• There has been a significant shortage of truck drivers across the province in recent years, which suggests that employment prospects for prospective job seekers are good.

  • The demand for truck drivers is especially robust in Moncton, where economic growth has been the strongest. In Saint John, due to the need to transport goods from the city's port facilities, the demand for truck drivers is also good.
NOC 7611 Construction trades helpers and labourers

 

NOC 7611: Construction trades helpers and labourers

General information about this occupation:

  • In New Brunswick, around 2,780 construction trades helpers and labourers were employed across the province in 2019. The majority of these workers are concentrated in construction.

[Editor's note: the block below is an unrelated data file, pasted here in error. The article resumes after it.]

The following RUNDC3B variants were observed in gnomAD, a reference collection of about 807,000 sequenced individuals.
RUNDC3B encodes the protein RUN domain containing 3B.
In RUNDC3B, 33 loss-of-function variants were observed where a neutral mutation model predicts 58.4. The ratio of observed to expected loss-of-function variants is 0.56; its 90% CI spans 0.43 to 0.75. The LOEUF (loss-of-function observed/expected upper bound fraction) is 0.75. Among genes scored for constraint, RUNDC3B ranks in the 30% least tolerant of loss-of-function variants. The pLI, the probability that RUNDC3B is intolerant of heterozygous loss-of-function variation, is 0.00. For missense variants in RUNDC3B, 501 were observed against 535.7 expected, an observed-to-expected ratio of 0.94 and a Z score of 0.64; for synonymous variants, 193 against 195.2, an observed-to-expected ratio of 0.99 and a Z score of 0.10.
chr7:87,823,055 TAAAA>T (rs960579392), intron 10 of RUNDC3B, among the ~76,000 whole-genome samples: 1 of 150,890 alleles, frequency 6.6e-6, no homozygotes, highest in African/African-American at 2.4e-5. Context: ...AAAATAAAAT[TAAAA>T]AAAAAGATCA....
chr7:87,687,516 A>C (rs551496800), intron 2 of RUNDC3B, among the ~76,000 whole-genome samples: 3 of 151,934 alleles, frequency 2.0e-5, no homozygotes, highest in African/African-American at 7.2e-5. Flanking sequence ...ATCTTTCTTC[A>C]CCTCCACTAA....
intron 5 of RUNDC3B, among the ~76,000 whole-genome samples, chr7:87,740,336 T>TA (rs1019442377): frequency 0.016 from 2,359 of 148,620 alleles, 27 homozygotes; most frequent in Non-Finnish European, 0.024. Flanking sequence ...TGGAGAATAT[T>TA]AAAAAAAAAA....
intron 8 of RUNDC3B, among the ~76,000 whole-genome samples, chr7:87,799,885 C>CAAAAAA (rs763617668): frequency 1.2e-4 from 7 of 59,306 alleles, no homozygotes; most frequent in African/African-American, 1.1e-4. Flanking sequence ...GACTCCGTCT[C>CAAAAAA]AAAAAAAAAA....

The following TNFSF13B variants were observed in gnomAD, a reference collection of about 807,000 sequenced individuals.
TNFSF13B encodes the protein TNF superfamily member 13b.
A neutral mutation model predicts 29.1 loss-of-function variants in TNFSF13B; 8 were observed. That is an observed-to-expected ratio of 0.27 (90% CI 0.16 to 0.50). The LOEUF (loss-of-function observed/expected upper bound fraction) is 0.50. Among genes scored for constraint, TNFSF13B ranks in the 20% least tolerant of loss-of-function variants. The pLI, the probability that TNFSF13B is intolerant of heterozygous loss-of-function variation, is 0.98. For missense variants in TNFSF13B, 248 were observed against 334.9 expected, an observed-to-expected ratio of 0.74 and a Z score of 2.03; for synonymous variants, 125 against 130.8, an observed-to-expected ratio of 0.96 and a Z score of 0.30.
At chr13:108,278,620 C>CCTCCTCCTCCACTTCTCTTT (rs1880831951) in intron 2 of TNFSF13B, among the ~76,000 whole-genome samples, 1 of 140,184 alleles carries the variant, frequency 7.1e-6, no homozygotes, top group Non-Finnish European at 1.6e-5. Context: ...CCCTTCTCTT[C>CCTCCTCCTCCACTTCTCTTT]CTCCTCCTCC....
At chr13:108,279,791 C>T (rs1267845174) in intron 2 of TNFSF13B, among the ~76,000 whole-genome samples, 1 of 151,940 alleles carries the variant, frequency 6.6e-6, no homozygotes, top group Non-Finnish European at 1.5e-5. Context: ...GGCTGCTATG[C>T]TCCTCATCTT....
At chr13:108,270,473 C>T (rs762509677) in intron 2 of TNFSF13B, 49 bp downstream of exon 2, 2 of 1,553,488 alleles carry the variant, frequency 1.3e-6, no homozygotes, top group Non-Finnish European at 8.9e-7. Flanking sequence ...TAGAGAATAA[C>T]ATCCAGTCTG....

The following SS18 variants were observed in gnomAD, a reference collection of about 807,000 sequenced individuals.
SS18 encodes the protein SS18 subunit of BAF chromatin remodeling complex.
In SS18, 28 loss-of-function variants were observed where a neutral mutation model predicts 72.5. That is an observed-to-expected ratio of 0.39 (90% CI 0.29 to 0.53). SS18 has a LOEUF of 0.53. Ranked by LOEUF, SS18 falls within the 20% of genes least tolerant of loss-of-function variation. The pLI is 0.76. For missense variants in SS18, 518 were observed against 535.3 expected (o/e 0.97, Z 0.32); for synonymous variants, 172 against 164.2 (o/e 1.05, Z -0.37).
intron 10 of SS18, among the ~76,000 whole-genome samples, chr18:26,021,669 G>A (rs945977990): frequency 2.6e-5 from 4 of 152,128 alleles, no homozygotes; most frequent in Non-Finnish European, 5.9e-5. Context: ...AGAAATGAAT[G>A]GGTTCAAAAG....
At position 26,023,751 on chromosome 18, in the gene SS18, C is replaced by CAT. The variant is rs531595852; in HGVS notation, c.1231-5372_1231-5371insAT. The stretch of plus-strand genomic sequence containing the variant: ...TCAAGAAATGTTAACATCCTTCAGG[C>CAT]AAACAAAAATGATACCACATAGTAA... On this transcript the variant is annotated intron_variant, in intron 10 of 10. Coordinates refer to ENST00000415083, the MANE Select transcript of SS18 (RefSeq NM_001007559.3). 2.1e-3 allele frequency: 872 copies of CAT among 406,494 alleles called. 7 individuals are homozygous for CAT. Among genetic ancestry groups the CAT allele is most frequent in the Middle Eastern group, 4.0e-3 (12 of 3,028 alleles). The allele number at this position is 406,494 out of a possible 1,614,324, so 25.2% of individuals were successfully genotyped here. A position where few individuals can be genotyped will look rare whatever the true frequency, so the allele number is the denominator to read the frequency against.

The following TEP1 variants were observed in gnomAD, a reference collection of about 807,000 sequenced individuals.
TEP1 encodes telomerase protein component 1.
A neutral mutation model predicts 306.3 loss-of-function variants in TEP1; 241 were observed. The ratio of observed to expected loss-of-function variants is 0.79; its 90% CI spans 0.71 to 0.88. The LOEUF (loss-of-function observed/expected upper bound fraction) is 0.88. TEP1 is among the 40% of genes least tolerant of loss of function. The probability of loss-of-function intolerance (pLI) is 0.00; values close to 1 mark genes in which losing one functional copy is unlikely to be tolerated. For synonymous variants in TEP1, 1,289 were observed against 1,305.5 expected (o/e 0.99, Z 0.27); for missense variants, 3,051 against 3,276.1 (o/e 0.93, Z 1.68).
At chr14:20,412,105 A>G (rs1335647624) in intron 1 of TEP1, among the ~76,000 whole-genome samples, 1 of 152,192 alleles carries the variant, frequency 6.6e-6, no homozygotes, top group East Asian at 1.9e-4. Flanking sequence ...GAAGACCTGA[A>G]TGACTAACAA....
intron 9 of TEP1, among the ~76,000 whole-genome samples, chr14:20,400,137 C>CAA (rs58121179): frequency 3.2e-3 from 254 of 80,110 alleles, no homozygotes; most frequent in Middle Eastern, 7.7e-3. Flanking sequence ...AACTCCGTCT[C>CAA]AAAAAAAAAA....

• Around a quarter of the workers in this occupation are aged 55 and above. This suggests that some job opportunities will likely arise as a result of retirements over the next couple of years.

  • This has traditionally been a highly seasonal occupation, with construction activity typically peaking during the warmer summer months.

How has the COVID-19 pandemic affected this occupation?

  • COVID-19 has had only a modest impact on construction trades helpers and labourers, particularly those working in renovations, as many households reassigned funds previously intended for summer vacations towards renovating their homes or new additions.

  • Non-residential construction is estimated to have diminished by as much as 7.5% as a result of the pandemic according to Buildforce Canada.

What are the main trends affecting employment prospects in the occupation?

  • The completion of some of the larger construction projects during the past several years has reduced the demand for trades helpers and labourers somewhat in the non-residential construction sector.
8 - Natural resources, agriculture and related production occupations